Cigarette smoking prevalence is analysed under a number of demographic classifications to further our understanding of smoking behaviour. Cigarette consumption data is also presented. Smoking prevalence rates and smoker demographic characteristics are presented as 12 month averages in order to provide more stable estimates. Trends over time are presented as moving averages in order to give a better picture of the underlying trend. Minor discrepancies between prevalence figures and trend figures reflect these different methods of calculation.
Note: Tracker changed to a quarterly survey since March 2016
Methodological Changes to Survey
Prior to May 2008, the Ipsos MRBI telephone omnipoll was conducted with respondents via landline telephone numbers only. From May 2008 the data collection methodology was updated to reflect changing demographics and telephone usage patterns in Ireland. The sample population is now drawn from a combination of both landline and mobile phone numbers. While the questionnaire and quota controls are unchanged, some population subgroups that may previously have been difficult to contact are now better represented in the sample.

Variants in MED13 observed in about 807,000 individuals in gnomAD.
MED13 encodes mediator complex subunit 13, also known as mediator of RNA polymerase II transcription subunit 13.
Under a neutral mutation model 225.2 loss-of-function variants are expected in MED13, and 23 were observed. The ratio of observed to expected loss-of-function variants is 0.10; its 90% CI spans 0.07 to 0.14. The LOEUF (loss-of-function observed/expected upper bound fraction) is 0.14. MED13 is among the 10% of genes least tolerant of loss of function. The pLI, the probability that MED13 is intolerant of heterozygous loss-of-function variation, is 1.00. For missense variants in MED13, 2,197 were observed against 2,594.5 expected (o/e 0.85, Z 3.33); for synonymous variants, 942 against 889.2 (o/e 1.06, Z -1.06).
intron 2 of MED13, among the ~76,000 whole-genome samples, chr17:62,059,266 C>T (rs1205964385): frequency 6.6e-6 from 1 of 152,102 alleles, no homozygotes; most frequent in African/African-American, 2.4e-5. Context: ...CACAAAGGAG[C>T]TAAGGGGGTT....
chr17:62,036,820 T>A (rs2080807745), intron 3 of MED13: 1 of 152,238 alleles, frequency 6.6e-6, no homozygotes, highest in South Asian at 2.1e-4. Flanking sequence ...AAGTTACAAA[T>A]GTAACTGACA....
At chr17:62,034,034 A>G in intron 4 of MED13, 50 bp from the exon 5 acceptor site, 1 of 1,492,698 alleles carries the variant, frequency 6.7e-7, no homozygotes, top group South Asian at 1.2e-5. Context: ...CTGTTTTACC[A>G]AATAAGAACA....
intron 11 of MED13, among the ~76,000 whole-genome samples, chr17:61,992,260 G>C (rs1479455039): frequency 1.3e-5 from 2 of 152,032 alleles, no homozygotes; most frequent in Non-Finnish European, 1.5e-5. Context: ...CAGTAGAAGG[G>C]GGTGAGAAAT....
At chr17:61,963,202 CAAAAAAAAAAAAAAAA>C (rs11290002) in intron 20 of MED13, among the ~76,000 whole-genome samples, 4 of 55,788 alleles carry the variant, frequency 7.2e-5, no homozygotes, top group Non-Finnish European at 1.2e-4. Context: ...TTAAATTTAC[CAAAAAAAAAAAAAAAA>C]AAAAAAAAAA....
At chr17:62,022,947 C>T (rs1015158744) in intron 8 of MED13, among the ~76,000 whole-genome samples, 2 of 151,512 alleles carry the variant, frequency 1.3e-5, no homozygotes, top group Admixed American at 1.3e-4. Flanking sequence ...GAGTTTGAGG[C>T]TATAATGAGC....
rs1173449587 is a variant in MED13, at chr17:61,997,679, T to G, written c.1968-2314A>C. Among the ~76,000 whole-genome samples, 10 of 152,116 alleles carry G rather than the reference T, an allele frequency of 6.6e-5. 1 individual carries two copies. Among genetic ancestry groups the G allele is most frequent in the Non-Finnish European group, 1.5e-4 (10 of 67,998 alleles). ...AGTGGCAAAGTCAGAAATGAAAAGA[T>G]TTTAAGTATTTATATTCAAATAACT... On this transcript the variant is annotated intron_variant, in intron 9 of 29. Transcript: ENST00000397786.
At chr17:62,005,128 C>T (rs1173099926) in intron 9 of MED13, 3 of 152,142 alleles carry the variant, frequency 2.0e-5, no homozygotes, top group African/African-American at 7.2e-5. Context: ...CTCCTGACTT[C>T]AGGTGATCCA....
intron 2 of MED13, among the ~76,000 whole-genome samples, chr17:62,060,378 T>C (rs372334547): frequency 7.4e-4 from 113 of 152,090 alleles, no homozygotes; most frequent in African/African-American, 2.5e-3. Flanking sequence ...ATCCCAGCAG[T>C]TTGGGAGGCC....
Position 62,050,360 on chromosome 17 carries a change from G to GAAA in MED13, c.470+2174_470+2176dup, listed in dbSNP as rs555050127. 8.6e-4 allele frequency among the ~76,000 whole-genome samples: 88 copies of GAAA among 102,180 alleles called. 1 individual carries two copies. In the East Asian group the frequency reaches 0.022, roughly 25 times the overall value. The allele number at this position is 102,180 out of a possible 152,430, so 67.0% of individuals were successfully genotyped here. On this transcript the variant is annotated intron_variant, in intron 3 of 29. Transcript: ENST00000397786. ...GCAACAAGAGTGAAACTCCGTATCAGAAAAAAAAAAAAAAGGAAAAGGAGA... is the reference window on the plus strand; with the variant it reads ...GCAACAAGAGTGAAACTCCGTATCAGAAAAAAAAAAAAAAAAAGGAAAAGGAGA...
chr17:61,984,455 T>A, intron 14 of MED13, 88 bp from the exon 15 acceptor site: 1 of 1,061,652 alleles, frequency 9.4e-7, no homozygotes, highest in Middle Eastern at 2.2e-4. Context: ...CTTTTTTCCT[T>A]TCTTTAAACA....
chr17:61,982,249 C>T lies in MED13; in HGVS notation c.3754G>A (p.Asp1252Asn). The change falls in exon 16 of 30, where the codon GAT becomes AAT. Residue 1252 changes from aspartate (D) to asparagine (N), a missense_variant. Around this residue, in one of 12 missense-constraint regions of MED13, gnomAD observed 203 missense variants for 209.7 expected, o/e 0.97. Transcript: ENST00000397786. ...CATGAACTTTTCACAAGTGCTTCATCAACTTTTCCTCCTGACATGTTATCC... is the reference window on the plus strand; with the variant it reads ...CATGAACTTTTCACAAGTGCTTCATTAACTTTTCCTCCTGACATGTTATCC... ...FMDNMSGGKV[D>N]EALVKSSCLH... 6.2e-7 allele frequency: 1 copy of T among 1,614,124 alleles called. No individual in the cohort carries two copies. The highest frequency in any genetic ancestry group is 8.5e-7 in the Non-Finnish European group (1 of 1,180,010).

This change in sampling method resulted in an increase in prevalence (of about 3%) from May 2008 on. The pre-May 2008 data have therefore been re-calibrated* to allow for trend analysis, with the caveat that calibration may not restore strict comparability. The prevalence rates presented prior to May 2008 therefore differ from those previously published with respect to magnitude (but not trend pattern).
To re-calibrate the trend data, the data were seasonally adjusted and then the six months of data prior to the change were compared with six months of data after the change in order to isolate the impact of the change in methodology. The smoking prevalence figures prior to May 2008 were subsequently adjusted accordingly, on the assumption that the change in sampling approach was the only difference in smoking prevalence between the two 6 month periods.